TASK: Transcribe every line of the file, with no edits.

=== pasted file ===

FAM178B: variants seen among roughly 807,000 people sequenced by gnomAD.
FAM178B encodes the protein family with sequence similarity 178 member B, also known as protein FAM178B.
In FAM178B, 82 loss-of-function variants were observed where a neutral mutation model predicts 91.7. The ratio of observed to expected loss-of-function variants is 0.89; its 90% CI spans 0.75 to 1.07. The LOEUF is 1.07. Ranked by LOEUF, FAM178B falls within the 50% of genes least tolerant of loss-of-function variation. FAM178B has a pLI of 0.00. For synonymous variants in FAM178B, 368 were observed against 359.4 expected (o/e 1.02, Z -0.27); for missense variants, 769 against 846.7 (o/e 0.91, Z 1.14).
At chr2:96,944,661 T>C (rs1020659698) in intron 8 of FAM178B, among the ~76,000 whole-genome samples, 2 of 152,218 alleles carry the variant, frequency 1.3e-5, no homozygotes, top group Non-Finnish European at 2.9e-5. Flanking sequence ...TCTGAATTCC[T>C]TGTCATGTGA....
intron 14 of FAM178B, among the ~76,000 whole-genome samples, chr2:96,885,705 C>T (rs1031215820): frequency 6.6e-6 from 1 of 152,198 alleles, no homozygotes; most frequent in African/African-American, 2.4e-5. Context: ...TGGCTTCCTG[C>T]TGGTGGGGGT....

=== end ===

FAM178B: variants seen among roughly 807,000 people sequenced by gnomAD.
FAM178B encodes the protein family with sequence similarity 178 member B, also known as protein FAM178B.
In FAM178B, 82 loss-of-function variants were observed where a neutral mutation model predicts 91.7. The ratio of observed to expected loss-of-function variants is 0.89; its 90% CI spans 0.75 to 1.07. The LOEUF is 1.07. Ranked by LOEUF, FAM178B falls within the 50% of genes least tolerant of loss-of-function variation. FAM178B has a pLI of 0.00. For synonymous variants in FAM178B, 368 were observed against 359.4 expected (o/e 1.02, Z -0.27); for missense variants, 769 against 846.7 (o/e 0.91, Z 1.14).
At chr2:96,944,661 T>C (rs1020659698) in intron 8 of FAM178B, among the ~76,000 whole-genome samples, 2 of 152,218 alleles carry the variant, frequency 1.3e-5, no homozygotes, top group Non-Finnish European at 2.9e-5. Flanking sequence ...TCTGAATTCC[T>C]TGTCATGTGA....
intron 14 of FAM178B, among the ~76,000 whole-genome samples, chr2:96,885,705 C>T (rs1031215820): frequency 6.6e-6 from 1 of 152,198 alleles, no homozygotes; most frequent in African/African-American, 2.4e-5. Context: ...TGGCTTCCTG[C>T]TGGTGGGGGT....